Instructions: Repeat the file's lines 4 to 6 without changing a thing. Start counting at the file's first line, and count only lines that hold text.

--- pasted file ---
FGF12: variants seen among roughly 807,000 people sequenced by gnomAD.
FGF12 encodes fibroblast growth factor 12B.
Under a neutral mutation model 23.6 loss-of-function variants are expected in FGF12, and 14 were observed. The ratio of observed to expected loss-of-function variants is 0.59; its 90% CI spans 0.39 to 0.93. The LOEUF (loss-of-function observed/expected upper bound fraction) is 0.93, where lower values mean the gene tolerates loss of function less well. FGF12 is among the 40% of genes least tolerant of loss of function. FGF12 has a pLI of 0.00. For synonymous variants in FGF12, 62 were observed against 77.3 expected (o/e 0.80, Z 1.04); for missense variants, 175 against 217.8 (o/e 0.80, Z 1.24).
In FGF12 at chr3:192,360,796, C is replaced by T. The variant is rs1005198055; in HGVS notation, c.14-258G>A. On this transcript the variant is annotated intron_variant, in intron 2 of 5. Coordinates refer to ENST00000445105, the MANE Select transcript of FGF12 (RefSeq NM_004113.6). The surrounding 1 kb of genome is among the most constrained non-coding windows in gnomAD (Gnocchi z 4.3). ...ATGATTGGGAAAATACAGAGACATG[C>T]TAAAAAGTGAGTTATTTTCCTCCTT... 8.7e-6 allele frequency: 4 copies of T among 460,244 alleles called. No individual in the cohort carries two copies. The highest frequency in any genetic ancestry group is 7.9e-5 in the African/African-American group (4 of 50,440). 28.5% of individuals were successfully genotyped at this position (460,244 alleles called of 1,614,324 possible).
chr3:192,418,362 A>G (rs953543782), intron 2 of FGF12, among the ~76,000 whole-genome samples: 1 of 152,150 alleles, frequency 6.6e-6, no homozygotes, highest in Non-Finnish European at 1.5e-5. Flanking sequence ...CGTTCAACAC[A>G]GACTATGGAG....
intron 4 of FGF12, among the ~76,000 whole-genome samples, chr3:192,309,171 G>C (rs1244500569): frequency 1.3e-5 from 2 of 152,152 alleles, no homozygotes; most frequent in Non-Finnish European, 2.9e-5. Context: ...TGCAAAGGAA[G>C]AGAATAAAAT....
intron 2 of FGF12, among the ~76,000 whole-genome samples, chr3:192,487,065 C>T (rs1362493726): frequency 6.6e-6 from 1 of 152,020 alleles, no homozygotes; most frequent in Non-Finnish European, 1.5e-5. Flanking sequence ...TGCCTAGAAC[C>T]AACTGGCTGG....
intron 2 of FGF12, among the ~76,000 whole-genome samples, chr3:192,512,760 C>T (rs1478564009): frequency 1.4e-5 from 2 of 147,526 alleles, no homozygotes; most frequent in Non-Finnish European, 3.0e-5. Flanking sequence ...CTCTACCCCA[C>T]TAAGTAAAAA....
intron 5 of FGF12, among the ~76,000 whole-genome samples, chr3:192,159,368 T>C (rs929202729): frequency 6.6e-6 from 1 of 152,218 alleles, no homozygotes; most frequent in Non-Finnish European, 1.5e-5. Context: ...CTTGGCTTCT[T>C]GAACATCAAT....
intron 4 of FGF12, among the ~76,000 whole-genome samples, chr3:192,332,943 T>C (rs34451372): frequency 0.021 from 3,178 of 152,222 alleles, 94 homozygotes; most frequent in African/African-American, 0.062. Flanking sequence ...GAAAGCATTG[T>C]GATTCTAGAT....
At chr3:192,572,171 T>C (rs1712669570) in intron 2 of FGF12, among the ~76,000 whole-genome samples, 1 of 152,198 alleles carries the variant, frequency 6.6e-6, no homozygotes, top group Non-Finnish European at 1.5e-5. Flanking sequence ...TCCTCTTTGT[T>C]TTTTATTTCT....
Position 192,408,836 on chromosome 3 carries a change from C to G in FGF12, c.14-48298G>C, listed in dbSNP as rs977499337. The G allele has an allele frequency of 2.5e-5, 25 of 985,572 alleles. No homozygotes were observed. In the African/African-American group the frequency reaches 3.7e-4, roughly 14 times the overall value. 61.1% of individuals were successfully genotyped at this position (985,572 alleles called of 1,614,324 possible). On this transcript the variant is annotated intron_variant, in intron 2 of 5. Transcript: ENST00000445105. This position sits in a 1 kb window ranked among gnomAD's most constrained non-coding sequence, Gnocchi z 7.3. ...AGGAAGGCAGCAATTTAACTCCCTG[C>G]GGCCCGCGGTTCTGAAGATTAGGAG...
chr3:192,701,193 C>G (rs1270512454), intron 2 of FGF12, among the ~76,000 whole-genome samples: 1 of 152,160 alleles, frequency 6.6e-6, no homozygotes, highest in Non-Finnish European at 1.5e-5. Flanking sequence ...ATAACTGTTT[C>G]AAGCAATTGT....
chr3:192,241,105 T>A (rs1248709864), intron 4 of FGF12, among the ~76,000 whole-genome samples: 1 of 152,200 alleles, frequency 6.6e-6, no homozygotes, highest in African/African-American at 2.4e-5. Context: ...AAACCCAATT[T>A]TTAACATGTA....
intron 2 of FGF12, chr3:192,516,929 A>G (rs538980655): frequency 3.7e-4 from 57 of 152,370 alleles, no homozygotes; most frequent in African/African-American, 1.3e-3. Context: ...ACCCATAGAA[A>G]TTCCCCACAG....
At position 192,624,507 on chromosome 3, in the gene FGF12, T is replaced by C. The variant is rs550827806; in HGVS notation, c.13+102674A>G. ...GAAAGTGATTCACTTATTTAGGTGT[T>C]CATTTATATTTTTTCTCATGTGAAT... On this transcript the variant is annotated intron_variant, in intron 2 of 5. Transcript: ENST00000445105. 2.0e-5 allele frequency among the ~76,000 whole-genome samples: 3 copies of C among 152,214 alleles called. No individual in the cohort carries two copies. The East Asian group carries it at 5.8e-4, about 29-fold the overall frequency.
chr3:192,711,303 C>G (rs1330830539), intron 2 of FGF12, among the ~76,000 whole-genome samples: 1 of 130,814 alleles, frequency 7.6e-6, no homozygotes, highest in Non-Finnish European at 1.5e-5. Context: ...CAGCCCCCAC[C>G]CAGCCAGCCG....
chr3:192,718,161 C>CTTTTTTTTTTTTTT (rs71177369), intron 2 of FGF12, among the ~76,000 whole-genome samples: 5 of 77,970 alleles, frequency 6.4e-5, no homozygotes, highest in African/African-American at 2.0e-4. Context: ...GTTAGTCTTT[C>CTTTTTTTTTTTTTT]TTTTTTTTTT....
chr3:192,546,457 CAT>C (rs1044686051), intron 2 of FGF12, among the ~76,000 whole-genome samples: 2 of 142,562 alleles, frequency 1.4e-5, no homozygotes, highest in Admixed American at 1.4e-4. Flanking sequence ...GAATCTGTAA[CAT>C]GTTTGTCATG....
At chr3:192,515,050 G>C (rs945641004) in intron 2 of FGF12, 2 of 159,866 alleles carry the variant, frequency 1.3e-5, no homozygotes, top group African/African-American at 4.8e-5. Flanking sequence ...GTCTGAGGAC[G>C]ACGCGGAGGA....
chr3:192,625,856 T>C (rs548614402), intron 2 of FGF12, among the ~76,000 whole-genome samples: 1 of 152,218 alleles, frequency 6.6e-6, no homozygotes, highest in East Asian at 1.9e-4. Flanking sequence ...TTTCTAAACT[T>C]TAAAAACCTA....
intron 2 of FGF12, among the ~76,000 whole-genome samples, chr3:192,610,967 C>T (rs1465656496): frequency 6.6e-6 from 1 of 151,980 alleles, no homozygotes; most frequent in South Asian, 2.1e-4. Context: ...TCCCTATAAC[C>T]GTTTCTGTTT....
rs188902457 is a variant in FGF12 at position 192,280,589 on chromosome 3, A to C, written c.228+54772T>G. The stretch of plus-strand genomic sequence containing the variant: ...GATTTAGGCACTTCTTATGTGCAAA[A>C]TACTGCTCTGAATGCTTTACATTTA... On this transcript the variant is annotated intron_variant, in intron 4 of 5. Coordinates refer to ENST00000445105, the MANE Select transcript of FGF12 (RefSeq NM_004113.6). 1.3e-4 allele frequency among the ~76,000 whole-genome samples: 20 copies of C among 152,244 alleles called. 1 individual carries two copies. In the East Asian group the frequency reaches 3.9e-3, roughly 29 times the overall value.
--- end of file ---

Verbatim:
In FGF12 at chr3:192,360,796, C is replaced by T. The variant is rs1005198055; in HGVS notation, c.14-258G>A. On this transcript the variant is annotated intron_variant, in intron 2 of 5. Coordinates refer to ENST00000445105, the MANE Select transcript of FGF12 (RefSeq NM_004113.6). The surrounding 1 kb of genome is among the most constrained non-coding windows in gnomAD (Gnocchi z 4.3). ...ATGATTGGGAAAATACAGAGACATG[C>T]TAAAAAGTGAGTTATTTTCCTCCTT... 8.7e-6 allele frequency: 4 copies of T among 460,244 alleles called. No individual in the cohort carries two copies. The highest frequency in any genetic ancestry group is 7.9e-5 in the African/African-American group (4 of 50,440). 28.5% of individuals were successfully genotyped at this position (460,244 alleles called of 1,614,324 possible).
chr3:192,418,362 A>G (rs953543782), intron 2 of FGF12, among the ~76,000 whole-genome samples: 1 of 152,150 alleles, frequency 6.6e-6, no homozygotes, highest in Non-Finnish European at 1.5e-5. Flanking sequence ...CGTTCAACAC[A>G]GACTATGGAG....
intron 4 of FGF12, among the ~76,000 whole-genome samples, chr3:192,309,171 G>C (rs1244500569): frequency 1.3e-5 from 2 of 152,152 alleles, no homozygotes; most frequent in Non-Finnish European, 2.9e-5. Context: ...TGCAAAGGAA[G>C]AGAATAAAAT....